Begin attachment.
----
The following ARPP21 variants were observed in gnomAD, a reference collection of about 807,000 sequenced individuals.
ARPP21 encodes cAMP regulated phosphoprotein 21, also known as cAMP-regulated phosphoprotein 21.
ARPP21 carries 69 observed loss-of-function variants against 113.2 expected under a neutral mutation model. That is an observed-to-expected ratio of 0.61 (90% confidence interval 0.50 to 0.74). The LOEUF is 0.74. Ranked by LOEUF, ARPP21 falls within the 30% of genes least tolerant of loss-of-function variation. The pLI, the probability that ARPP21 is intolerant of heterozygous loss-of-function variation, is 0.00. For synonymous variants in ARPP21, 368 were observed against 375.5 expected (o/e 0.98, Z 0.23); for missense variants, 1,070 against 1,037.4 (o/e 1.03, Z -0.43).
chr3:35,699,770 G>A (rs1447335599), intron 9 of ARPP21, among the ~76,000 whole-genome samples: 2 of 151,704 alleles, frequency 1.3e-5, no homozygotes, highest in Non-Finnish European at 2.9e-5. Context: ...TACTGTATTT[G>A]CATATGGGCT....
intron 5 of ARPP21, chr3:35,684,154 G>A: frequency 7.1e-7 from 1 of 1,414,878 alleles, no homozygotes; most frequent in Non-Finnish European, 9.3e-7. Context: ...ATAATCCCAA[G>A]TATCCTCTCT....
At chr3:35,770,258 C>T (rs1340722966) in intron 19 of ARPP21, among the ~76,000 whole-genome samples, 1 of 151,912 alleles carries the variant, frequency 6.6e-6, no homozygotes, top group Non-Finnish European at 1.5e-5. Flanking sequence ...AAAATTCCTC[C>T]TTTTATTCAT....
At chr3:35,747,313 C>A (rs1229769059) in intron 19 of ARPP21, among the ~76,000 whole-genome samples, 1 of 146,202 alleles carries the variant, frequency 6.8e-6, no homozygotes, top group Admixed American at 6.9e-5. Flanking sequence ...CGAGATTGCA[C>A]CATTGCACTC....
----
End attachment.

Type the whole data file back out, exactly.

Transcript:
The following ARPP21 variants were observed in gnomAD, a reference collection of about 807,000 sequenced individuals.
ARPP21 encodes cAMP regulated phosphoprotein 21, also known as cAMP-regulated phosphoprotein 21.
ARPP21 carries 69 observed loss-of-function variants against 113.2 expected under a neutral mutation model. That is an observed-to-expected ratio of 0.61 (90% confidence interval 0.50 to 0.74). The LOEUF is 0.74. Ranked by LOEUF, ARPP21 falls within the 30% of genes least tolerant of loss-of-function variation. The pLI, the probability that ARPP21 is intolerant of heterozygous loss-of-function variation, is 0.00. For synonymous variants in ARPP21, 368 were observed against 375.5 expected (o/e 0.98, Z 0.23); for missense variants, 1,070 against 1,037.4 (o/e 1.03, Z -0.43).
chr3:35,699,770 G>A (rs1447335599), intron 9 of ARPP21, among the ~76,000 whole-genome samples: 2 of 151,704 alleles, frequency 1.3e-5, no homozygotes, highest in Non-Finnish European at 2.9e-5. Context: ...TACTGTATTT[G>A]CATATGGGCT....
intron 5 of ARPP21, chr3:35,684,154 G>A: frequency 7.1e-7 from 1 of 1,414,878 alleles, no homozygotes; most frequent in Non-Finnish European, 9.3e-7. Context: ...ATAATCCCAA[G>A]TATCCTCTCT....
At chr3:35,770,258 C>T (rs1340722966) in intron 19 of ARPP21, among the ~76,000 whole-genome samples, 1 of 151,912 alleles carries the variant, frequency 6.6e-6, no homozygotes, top group Non-Finnish European at 1.5e-5. Flanking sequence ...AAAATTCCTC[C>T]TTTTATTCAT....
At chr3:35,747,313 C>A (rs1229769059) in intron 19 of ARPP21, among the ~76,000 whole-genome samples, 1 of 146,202 alleles carries the variant, frequency 6.8e-6, no homozygotes, top group Admixed American at 6.9e-5. Flanking sequence ...CGAGATTGCA[C>A]CATTGCACTC....